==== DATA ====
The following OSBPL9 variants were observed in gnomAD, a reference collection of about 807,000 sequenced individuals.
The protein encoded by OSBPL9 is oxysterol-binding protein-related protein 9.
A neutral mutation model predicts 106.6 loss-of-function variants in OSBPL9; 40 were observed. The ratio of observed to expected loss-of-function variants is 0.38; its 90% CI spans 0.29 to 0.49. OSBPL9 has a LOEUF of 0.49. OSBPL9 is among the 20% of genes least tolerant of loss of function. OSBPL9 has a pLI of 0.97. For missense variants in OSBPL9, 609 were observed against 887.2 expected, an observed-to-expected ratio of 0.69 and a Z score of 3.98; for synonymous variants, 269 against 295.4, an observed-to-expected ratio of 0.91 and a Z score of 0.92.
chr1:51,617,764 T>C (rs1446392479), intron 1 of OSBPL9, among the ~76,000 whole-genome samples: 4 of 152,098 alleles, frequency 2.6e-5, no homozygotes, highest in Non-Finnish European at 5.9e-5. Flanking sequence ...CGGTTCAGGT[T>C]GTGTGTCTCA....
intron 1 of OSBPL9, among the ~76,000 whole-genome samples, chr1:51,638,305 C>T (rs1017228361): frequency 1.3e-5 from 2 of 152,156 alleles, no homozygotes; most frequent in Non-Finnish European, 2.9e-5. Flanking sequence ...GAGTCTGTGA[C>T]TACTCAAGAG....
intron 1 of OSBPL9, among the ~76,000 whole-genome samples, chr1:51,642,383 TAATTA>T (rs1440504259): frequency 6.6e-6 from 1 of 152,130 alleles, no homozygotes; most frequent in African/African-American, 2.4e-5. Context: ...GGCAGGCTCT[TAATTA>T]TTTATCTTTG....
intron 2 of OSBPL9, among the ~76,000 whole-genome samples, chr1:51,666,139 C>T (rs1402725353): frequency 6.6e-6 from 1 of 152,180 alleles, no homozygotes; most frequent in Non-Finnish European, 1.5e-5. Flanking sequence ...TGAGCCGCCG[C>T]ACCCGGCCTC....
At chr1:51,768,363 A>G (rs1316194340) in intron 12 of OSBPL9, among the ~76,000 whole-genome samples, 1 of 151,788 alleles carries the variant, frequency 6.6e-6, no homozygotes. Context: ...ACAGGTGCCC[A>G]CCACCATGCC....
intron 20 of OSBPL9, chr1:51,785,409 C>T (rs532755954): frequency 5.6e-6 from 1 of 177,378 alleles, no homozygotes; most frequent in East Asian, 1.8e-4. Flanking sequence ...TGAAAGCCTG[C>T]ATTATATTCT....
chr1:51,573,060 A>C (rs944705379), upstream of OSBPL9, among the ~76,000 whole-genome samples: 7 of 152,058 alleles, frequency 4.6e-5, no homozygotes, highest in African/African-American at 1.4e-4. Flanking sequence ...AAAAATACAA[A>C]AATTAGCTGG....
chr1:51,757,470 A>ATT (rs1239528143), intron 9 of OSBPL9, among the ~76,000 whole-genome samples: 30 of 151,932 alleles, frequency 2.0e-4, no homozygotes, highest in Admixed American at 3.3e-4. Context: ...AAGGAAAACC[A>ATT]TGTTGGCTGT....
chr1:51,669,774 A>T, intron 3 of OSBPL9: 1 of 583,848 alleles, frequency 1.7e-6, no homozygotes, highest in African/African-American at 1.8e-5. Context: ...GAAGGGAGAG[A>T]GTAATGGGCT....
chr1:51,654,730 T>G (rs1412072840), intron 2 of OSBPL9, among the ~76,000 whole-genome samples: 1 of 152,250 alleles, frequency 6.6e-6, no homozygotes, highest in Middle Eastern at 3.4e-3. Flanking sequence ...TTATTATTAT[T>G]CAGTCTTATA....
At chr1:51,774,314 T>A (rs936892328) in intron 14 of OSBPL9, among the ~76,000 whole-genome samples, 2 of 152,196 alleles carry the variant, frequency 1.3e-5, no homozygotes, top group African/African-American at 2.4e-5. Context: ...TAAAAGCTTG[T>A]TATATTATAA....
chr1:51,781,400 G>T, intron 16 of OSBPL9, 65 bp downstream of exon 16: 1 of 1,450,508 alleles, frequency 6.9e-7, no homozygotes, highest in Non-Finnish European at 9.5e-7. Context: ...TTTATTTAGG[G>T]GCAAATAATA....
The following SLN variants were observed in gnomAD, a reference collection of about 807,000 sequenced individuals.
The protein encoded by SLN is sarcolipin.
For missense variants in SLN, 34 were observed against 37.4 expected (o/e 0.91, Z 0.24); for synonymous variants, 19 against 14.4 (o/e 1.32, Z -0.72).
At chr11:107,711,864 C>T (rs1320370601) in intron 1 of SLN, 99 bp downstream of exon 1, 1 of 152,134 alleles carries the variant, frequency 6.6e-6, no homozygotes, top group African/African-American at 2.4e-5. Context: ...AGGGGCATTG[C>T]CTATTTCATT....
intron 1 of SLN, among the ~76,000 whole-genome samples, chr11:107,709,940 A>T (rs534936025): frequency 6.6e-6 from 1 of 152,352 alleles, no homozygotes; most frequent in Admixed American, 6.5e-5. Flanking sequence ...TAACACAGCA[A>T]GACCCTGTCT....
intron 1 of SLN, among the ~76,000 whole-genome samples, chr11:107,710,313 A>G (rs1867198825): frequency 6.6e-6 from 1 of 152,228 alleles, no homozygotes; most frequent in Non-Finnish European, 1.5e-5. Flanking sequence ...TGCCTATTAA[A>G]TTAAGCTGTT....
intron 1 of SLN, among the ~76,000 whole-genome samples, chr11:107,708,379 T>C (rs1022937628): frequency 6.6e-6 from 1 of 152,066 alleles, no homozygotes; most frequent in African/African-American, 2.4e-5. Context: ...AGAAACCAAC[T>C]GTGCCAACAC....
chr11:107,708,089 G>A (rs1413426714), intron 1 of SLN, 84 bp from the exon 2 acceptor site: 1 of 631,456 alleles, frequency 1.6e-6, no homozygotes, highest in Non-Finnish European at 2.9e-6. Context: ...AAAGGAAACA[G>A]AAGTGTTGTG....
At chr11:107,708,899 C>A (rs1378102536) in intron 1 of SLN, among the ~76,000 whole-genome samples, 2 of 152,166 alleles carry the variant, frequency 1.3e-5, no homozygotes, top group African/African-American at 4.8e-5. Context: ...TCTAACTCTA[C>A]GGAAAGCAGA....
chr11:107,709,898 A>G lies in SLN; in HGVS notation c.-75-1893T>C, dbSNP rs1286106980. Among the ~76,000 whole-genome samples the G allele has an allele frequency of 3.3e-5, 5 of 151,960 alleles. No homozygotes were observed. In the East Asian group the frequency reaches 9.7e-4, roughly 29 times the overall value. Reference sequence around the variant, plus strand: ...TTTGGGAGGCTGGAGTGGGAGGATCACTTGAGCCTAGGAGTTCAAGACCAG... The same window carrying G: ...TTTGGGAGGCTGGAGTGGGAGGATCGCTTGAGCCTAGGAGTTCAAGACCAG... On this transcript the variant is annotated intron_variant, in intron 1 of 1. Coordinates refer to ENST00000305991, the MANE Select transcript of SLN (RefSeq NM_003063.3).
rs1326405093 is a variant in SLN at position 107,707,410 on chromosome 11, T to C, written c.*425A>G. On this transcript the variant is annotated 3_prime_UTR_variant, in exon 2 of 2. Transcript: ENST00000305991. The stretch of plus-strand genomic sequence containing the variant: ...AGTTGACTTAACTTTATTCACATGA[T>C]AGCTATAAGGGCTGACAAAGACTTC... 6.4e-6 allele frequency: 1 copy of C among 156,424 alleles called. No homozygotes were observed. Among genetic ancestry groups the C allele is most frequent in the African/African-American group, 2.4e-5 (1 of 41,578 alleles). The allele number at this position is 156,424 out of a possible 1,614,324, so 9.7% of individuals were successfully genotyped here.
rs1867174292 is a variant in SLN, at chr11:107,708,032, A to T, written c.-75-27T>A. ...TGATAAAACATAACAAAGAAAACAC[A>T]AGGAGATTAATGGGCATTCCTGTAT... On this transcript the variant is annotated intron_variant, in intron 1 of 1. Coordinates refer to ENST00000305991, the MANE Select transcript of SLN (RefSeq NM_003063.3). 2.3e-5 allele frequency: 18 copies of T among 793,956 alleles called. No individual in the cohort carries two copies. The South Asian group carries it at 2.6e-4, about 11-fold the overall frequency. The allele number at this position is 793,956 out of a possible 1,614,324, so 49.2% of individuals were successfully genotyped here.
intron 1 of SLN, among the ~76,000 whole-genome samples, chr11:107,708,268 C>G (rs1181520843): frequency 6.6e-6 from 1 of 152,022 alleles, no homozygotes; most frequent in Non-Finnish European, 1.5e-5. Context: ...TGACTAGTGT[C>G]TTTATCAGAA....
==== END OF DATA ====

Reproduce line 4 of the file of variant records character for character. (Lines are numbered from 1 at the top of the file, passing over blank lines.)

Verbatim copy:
chr1:51,617,764 T>C (rs1446392479), intron 1 of OSBPL9, among the ~76,000 whole-genome samples: 4 of 152,098 alleles, frequency 2.6e-5, no homozygotes, highest in Non-Finnish European at 5.9e-5. Flanking sequence ...CGGTTCAGGT[T>C]GTGTGTCTCA....